Ship spotters and technophiles alike received a rare treat when a Chinese Yuan Wang-class “space tracker” vessel docked at Queens Wharf in Auckland earlier this week.
The Yuan Wang 6 - the name means “long view” - is the latest and most advanced of six space tracking vessels that China maintains to track and support its satellites, manned space missions and, it is widely reported, long range missile tests.
The vessel is presumably visiting Auckland to resupply after supporting the Shenzhou-8 and Tiangong-1 space docking mission earlier this month.
According to the Hong Kong Science Museum, the ship is a showcase of maritime meteorology, electronics, mechanics, optics, communication and computing.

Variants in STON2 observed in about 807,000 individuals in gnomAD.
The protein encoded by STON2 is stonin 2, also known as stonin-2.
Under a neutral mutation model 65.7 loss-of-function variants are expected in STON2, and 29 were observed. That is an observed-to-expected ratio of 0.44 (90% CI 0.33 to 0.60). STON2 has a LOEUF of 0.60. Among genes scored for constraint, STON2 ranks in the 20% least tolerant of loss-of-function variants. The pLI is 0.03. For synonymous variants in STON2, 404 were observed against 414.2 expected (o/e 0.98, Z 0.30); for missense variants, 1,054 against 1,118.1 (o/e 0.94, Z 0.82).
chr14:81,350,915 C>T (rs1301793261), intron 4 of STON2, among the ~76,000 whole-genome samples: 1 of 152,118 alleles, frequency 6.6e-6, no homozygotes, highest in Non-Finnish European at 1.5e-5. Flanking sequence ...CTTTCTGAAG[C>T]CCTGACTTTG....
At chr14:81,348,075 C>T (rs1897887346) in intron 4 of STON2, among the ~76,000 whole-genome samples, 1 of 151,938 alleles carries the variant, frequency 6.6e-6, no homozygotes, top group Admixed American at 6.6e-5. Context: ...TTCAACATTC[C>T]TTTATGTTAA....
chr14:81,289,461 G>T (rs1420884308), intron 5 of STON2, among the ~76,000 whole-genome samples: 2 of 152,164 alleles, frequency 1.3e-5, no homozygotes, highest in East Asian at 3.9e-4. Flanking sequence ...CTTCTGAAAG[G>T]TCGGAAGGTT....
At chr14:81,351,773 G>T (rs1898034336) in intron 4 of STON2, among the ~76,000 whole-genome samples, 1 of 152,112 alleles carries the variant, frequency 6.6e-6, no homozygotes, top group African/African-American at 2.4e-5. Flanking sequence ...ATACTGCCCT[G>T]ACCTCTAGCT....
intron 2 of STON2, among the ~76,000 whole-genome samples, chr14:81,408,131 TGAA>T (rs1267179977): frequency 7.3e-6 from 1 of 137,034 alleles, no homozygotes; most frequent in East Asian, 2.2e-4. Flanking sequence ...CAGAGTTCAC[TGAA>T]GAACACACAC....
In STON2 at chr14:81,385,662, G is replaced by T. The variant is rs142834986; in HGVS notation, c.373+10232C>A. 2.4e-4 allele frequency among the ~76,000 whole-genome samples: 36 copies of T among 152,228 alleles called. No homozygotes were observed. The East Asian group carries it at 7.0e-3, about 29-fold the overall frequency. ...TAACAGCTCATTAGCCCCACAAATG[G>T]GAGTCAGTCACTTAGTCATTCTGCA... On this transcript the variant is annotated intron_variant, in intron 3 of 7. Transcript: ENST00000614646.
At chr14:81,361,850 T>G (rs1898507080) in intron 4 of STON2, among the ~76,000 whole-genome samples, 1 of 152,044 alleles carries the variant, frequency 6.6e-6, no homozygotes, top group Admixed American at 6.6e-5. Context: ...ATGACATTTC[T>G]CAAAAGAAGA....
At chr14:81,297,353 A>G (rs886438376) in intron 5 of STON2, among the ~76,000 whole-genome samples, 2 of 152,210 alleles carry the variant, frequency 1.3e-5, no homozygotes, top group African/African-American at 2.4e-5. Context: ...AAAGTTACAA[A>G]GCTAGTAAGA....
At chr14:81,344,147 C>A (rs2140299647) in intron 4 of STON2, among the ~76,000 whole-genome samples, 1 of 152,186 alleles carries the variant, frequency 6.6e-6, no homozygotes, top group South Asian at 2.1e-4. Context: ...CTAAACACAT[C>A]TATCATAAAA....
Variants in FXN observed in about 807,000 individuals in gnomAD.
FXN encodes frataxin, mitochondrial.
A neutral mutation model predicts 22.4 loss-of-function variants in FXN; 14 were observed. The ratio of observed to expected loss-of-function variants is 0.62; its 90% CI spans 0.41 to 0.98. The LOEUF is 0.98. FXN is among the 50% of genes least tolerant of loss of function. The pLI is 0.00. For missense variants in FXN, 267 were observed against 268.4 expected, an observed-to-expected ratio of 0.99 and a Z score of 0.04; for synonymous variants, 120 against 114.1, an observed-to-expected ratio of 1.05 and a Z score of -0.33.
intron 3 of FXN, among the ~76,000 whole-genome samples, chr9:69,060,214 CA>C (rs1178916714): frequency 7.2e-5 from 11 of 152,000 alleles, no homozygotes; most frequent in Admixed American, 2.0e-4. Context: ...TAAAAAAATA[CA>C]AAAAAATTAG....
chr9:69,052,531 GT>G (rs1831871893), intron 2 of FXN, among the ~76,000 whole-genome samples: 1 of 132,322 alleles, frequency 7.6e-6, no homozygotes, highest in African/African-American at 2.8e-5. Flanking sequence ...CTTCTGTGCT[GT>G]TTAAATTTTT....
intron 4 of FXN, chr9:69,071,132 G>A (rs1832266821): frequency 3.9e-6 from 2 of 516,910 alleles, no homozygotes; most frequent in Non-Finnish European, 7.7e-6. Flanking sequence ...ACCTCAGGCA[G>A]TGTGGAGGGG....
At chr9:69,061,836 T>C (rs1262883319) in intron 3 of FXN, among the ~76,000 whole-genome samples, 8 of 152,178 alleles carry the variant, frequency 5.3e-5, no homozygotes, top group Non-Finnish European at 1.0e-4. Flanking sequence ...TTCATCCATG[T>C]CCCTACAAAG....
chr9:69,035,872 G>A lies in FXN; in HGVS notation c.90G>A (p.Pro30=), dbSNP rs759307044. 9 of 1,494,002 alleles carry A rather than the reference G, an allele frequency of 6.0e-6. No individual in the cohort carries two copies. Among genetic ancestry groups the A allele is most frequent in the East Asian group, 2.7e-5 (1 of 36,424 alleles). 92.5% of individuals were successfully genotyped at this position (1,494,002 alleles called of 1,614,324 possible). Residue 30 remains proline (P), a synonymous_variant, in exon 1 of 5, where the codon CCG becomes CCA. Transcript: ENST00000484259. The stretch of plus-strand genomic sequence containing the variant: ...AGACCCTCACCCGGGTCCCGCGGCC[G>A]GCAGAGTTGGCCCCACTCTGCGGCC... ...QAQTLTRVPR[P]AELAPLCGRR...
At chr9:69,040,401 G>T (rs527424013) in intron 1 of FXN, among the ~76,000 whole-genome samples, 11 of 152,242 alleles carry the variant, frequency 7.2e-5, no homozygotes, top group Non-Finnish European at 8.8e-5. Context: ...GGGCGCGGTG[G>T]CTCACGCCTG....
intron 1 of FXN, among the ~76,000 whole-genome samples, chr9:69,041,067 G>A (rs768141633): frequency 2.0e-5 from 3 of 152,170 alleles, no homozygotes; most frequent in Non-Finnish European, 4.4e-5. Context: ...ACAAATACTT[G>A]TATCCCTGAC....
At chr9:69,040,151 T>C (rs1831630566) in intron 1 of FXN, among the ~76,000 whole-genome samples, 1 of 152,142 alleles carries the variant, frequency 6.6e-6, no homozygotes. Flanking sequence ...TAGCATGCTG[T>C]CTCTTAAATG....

Moored opposite the Hilton hotel, where Chorus was celebrating its listing on the New Zealand stock exchange on Wednesday morning, the ship aroused considerable interest among local telecommunications and computing experts who had assembled for the event.
According to one well-placed source, apart from its tracking role the vessel is also capable of intercepting satellite voice and data traffic in real time, making it a floating equivalent of New Zealand’s Waihopai base.
The functions of the various antennae and other superstructure features are explained in a graphic on the Hong Kong Science Museum website, but the computing power that may be housed below its decks can only be guessed at.
According to the Ports of Auckland website, the Yuan Wang 6 arrived on 22 November from Suva, Fiji and will depart on 28 November at 9:45 pm.